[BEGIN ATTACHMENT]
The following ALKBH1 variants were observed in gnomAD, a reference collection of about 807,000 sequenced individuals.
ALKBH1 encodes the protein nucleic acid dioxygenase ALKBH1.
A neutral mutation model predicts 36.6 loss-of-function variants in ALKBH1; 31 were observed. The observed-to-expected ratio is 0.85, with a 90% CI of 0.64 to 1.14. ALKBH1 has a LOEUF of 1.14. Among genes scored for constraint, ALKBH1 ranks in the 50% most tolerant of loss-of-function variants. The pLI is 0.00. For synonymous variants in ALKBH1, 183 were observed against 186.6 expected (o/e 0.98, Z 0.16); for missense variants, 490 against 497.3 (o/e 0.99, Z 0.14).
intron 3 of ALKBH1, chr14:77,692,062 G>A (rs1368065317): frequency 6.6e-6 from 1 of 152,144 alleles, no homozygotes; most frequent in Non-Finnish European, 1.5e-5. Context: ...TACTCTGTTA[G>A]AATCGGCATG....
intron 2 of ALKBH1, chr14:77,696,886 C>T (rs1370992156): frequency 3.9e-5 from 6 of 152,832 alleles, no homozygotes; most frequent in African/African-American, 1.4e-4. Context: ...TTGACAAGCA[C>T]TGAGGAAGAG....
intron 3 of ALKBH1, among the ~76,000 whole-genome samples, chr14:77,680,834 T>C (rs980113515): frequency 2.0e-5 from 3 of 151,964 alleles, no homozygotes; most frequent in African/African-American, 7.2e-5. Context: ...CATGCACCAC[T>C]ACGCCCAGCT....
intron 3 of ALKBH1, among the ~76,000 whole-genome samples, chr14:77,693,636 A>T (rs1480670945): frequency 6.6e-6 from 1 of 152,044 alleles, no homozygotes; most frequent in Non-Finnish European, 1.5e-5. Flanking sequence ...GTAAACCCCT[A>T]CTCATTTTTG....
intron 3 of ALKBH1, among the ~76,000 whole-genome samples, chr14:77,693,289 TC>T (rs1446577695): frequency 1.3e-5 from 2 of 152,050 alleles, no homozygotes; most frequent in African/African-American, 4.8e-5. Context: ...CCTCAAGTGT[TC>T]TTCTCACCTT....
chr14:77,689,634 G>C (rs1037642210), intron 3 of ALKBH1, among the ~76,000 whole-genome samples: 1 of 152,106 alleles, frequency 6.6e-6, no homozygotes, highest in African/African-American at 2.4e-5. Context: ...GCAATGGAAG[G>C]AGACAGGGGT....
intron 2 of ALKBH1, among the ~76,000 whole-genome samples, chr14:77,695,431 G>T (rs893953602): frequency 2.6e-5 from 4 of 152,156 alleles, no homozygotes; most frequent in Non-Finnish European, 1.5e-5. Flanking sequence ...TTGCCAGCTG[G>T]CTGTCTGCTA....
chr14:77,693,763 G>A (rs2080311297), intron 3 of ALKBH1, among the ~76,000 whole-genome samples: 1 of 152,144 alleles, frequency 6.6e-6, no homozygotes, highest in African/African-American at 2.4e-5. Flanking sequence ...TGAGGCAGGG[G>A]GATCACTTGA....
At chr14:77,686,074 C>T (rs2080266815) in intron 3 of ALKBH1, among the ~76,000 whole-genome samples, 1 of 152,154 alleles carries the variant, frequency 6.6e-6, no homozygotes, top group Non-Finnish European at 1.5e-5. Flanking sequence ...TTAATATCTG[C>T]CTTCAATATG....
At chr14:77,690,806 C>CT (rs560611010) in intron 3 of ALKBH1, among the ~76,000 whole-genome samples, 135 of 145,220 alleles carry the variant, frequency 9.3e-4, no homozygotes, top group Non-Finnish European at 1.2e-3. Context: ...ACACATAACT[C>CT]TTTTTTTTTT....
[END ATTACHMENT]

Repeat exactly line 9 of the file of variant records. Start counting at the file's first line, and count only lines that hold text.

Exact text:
chr14:77,689,634 G>C (rs1037642210), intron 3 of ALKBH1, among the ~76,000 whole-genome samples: 1 of 152,106 alleles, frequency 6.6e-6, no homozygotes, highest in African/African-American at 2.4e-5. Context: ...GCAATGGAAG[G>C]AGACAGGGGT....